Wright Museum of Art: In 1892, Helen Brace Emerson donated her personal collection of art to Beloit College and created its first program in art appreciation. She was also instrumental in working with Professor Fisher to bring 125 of the Greek government’s plaster casts at the World’s Columbian Exposition in Chicago to Beloit. These were presented to the college in 1894, and strengthened an art program built on tangible works for study and appreciation.
Today, the Wright Museum houses approximately 4,500 objects, mostly European and American prints and paintings, College portraits, 19th century historic architecture photos, Soviet political propaganda posters, and Asian decorative arts, icons, and woodblock prints.
Logan Museum of Anthropology: The Logan Museum was founded in 1893 with a gift from Beloit College trustee Frank G. Logan of more than 3,000 artifacts that had been exhibited at the World’s Columbian Exposition. The museum’s collections have grown over the years through additional gifts and purchases and through field expeditions by Beloit College faculty and students. From its inception, the museum has focused on hands-on, educational use of collections.
Historic Memorial Hall built in 1869 to honor Beloit College and community members who died in the Civil War, is the museum’s home. The adjoining Godfrey Anthropology Building built in 1975 through a gift by anthropology professor William S. Godfrey, houses classrooms, museum offices, museums gift shop, and collections storage areas. Renovations to the buildings in the 1990s and 2000s enhanced exhibition spaces, collections preservation and accessibility, and student participation in museum work.
We currently have 22 student employees that are on and using the work schedule maker ShiftPlanning. The Museum employs college students who are on work study. Therefore, each students schedule is based on their availability between classes, extracurricular activities, and personal needs. For the most part the schedule is pretty much set by the first two weeks that classes start but because of special situations: exams, field trips, illnesses, break, etc. the schedule can change and sometimes at a moment’s notice.
Students would fill out a form by hand showing when they were available to work. A master “availability sheet” comprising of all the students and hours needing staff would be created. A master schedule on Google Calendar starting with the time slots containing the least available students to slots that had the most available students would be filled in. Each student’s hours for the week would be totaled to make sure that everyone was getting a fair number of hours, and to not exceed the amount each individual could work. When a student could not work they would need to email other employees to find a trade. Once a trade was found they would need to email me so I could confirm and change the calendar.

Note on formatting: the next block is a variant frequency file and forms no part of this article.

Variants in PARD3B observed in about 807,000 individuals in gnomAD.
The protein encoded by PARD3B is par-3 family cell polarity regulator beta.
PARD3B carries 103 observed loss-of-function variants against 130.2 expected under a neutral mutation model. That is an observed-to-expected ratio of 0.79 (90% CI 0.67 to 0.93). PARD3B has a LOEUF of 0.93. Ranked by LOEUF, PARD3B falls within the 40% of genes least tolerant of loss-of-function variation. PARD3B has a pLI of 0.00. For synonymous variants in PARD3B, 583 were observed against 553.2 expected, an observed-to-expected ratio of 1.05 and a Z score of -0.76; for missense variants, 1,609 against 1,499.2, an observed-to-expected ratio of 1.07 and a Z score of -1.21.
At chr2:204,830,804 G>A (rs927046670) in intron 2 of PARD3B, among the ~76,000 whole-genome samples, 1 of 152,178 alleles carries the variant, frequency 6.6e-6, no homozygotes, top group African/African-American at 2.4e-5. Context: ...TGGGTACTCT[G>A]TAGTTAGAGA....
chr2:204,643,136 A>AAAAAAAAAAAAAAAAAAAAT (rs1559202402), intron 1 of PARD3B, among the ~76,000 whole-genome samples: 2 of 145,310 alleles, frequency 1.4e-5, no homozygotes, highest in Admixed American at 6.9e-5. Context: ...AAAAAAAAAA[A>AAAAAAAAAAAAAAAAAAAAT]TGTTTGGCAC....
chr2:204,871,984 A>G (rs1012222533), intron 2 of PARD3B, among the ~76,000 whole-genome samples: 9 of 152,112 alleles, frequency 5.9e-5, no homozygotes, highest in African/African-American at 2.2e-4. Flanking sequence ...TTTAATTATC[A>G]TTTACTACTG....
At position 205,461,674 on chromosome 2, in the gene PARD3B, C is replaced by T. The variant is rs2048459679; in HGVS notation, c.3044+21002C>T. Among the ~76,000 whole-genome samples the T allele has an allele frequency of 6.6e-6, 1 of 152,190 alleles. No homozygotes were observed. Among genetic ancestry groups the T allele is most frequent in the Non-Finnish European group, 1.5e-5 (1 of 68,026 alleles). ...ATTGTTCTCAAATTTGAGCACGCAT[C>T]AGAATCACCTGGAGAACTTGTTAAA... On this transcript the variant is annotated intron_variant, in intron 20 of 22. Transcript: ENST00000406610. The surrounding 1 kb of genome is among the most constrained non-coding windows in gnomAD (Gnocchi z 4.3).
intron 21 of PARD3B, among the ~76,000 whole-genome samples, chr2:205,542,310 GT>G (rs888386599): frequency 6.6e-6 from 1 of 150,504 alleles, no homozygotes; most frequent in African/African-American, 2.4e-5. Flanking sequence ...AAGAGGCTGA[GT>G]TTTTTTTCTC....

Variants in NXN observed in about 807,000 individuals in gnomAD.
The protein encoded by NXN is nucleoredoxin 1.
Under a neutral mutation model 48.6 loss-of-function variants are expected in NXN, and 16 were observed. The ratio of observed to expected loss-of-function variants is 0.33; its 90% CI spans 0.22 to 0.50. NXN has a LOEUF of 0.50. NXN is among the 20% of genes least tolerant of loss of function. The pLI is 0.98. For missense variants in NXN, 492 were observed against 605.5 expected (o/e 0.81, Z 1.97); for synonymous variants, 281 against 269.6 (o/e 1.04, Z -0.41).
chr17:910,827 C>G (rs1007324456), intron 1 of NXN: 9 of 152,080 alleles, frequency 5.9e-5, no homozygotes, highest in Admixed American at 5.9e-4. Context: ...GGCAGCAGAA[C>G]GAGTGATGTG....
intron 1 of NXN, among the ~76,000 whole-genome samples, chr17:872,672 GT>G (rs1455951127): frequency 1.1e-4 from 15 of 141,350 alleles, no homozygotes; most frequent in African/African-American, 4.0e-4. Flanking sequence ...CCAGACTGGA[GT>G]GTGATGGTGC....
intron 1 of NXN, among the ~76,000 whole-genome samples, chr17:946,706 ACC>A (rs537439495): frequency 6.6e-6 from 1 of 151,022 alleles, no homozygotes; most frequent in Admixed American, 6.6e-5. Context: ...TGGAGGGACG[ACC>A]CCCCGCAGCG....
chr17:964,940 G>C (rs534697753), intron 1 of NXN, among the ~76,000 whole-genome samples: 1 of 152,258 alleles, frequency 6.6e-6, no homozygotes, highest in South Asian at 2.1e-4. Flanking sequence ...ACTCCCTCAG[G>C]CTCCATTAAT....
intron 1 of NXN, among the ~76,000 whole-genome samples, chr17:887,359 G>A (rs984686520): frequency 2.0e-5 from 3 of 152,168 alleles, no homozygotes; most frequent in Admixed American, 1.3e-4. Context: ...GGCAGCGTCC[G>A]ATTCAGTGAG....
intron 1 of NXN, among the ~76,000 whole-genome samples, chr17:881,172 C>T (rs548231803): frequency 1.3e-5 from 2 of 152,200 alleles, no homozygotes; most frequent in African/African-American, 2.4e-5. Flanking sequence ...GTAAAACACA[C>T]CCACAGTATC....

We started using the employee schedule maker ShiftPlanning in August 2011 when fall semester began. So far we have had a few little glitches, but nothing major. Most of it had and still has to do with my learning curve.
I found ShiftPlanning to be:
I would highly recommend ShiftPlanning to anyone who has a lot of staff with differing schedules and needs.
I love its versatility and ease of use.- Becky Moffett – Beloit College Museums
The work scheduler tutorial information on line is very helpful and so is the staff. Thanks Ryan for all your patience!
We have not yet used the Vacation tool yet but I plan to implement it. We have used the Message Wall to post reminders.
“We like that ShiftPlanning doesn't keep your data behind its walled garden.”- mashable.com
“With this tool, you can literally run tens of employees with ease.”- makeuseof.com
“It is an intuitive product, with a nice range of features.”- killerstartups.com